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Why An Avid Yogi Turned To The Marathon

Yoga and running can go hand in hand like peanut butter and some super zen jelly.

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Yogis and marathoners are not often grouped in the same category. They seem like opposite ends of the exercise spectrum to most people. That’s why, when I decided to train for a full marathon while also being a yogi, I got a lot of questioning glances. However, training as a runner and as a yogi has been an amazing journey that has shaped me into my healthiest and happiest self.

Becoming a Yogi

Yoga was the first exercise I really got into. I liked the pace and style of yoga, and it seemed like something my body could actually do. I enjoyed being able to choose certain poses and work on them for weeks or even months until I mastered them. Challenging poses like Crow and Headstand were ones that I worked on tirelessly.

I really wanted to master yoga, so I took my time with it and gave it my full attention for quite a few years and didn’t really try any other forms of exercise. Until I started running.

Becoming a Runner

Looking back, I’d say that yoga was a gateway exercise for me. After a long time of practicing yoga, I felt like I wanted a new challenge. I’d love to tell you that my decision to run came to me while I was peacefully meditating in a field of daisies—but that’s not reality. My yoga practice helps to keep me centered, for certain, but I can still be impulsive. The day arrived when I decided that I wanted to expand my fitness and push my mind and body to the limit. I wasn’t a runner, but I decided that day that I was going to train for a half marathon.

This was such a different form of exercise and it took some getting used to. Instead of moving my body slowly, I was pushing my body faster and faster. Instead of breathing in a slow and relaxed way, I was huffing and puffing like the big bad wolf. These new changes were challenging for me, but I kept up with it and I didn’t stop yoga, either.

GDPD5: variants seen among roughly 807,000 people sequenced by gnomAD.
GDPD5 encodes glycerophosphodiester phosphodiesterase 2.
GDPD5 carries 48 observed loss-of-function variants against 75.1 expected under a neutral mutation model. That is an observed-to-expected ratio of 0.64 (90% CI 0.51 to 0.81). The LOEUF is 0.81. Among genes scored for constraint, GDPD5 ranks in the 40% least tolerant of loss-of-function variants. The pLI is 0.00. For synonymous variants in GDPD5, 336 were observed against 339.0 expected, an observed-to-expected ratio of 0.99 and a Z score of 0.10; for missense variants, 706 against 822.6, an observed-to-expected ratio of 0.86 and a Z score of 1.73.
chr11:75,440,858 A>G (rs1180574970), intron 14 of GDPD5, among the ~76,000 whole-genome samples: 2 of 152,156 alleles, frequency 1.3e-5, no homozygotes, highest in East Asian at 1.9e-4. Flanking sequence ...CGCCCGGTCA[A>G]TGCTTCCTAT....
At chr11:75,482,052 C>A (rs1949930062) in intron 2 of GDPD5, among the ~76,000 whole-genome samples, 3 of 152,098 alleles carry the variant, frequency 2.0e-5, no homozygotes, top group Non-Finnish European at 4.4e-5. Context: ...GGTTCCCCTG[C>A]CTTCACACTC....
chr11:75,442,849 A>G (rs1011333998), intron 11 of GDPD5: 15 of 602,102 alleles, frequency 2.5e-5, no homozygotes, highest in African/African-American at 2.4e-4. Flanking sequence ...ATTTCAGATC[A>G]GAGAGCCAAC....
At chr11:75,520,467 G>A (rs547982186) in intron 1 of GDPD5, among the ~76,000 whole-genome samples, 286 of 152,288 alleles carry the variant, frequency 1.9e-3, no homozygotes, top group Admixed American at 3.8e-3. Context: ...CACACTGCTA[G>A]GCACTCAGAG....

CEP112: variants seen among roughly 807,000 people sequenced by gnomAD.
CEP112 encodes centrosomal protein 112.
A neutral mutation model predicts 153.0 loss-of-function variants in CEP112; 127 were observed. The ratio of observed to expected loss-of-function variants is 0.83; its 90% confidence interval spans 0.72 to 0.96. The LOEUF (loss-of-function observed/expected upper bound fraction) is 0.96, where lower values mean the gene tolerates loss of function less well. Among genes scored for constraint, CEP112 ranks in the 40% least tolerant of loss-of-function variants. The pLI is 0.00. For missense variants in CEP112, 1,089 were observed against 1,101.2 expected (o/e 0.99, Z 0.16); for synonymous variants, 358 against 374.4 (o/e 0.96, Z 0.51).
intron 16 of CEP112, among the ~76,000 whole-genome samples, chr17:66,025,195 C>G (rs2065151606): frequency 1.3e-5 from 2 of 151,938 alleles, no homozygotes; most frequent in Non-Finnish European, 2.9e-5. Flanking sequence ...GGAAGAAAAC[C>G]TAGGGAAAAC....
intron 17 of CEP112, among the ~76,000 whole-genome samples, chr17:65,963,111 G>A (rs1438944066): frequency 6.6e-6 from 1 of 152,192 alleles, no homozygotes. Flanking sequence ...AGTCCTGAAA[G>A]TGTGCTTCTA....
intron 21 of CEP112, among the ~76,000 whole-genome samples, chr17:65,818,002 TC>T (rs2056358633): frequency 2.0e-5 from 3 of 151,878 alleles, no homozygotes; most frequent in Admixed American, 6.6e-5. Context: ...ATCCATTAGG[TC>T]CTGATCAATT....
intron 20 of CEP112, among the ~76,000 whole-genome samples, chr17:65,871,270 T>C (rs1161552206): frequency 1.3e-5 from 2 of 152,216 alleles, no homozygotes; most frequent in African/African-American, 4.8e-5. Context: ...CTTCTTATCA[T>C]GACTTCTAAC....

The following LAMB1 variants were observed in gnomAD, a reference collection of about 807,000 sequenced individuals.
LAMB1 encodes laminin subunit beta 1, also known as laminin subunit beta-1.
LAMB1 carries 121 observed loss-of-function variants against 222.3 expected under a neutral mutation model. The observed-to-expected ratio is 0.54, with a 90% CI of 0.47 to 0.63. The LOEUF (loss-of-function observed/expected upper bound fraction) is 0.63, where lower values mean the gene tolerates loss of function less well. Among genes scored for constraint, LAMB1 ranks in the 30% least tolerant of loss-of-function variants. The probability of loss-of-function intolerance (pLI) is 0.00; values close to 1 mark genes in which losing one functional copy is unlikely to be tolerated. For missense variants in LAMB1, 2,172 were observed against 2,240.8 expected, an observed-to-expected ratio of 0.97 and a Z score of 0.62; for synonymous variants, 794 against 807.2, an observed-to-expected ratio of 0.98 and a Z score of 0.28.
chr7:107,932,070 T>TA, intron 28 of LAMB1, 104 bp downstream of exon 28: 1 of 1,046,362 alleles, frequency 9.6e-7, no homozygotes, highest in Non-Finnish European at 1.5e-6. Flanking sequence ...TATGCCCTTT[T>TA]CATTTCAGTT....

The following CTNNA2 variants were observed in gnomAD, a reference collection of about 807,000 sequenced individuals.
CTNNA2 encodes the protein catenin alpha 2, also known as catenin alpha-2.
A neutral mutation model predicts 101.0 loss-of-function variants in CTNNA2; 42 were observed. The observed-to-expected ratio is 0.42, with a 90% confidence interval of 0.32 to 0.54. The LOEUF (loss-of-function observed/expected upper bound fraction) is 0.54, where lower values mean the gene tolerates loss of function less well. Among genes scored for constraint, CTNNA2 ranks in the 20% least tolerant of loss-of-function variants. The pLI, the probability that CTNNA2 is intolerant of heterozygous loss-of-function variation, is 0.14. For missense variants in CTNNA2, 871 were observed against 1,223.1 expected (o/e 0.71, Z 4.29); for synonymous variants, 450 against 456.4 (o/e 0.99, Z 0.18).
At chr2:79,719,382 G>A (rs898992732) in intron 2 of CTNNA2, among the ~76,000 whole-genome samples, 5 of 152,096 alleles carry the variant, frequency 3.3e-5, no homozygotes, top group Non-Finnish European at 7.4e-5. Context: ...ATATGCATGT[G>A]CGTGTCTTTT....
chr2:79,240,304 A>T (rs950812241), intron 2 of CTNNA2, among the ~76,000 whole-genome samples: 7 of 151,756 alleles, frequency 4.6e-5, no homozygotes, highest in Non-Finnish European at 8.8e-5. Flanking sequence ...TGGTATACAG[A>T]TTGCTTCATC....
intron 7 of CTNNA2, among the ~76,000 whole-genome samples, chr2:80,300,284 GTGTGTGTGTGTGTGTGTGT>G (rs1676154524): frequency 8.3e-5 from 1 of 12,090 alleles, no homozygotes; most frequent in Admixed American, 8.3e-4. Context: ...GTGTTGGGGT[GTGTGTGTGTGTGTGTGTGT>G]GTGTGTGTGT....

Becoming a Running Yogi

During my time training as a runner, I continued dedicating time to yoga. Keeping up with a regular yoga practice helped me keep my body flexible and avoid injuries, and it also allowed me to check in with myself mentally. It also gave me a chance to reflect and remember why I started running in the first place and get my motivation and drive back.

The focus required for running and yoga are similar, but different. I spend time focusing on my breathing doing both activities, but during yoga I never reach a point where I want to turn back or quit. When I’m doing a 10-mile training run, though, I can find myself thinking “Okay, Jen, let’s go home and eat now.” I quickly think to myself “Oh, stop, you’ve just got 2 more miles. Anyone can run 2 miles. Just focus.” I know that the voice in my head that’s telling me to keep going wouldn’t be there without my yoga practice.

Once I trained for and completed the half marathon, the next step seemed to be a full marathon. I’m always looking for new challenges and new goals to reach. Training for a full marathon is my next goal, and I know that yoga will help me get there.

After all, yoga’s benefit to runners isn’t a secret. It can be a great warm-up and cool-down exercise. Poses like Pigeon and Dancer help warm up the muscles to avoid injury. Yoga also helps work on balance and perseverance. Overall, yoga is a great remedy for the body after running miles and miles, because it helps rejuvenate the body and the mind. I really don’t know why more runners don’t use yoga.

Why It Works

I used, and still use, yoga as a way to be with myself completely and send myself positive thoughts. While running, I can also look into myself, but it’s not quite the same. I can be with myself fully, but my mind is constantly racing and my body is pushing itself to get to the next goal. With yoga, I can be with myself in a quiet and peaceful setting. I can focus on my breathing and breathe full and deep breaths, which is the opposite of what happens when I run. In this way, yoga has been an essential part of my running experience.

Without yoga, I don’t think I would be the motivated and consistent runner that I am. Not only has yoga helped me understand my thoughts and mind, it has helped me know my body inside and out. I know exactly what my body is capable of, and I don’t doubt what I can do anymore. If you told me ten years ago that I would be training for a full marathon, I would have laughed at you. I would have laughed right in your face. I didn’t think my body would be able to handle even a half marathon. However, after practicing yoga and getting in tune with my body, I now know that I can push myself and that my body will persevere.

For me, being an avid yogi and being a runner go hand-in-hand. I am now at the point where I can’t imagine one without the other. Without yoga, I don’t think I’d be the runner that I am, mentally or physically. And without running, I don’t think I’d appreciate yoga as much as I do. They both push my body in different ways, allow me to overcome new obstacles, give me something to work towards and make me excited about waking up each day.

So, to those people who say, “You do yoga and run marathons? That seems weird. Why?” I say, “Why aren’t you?”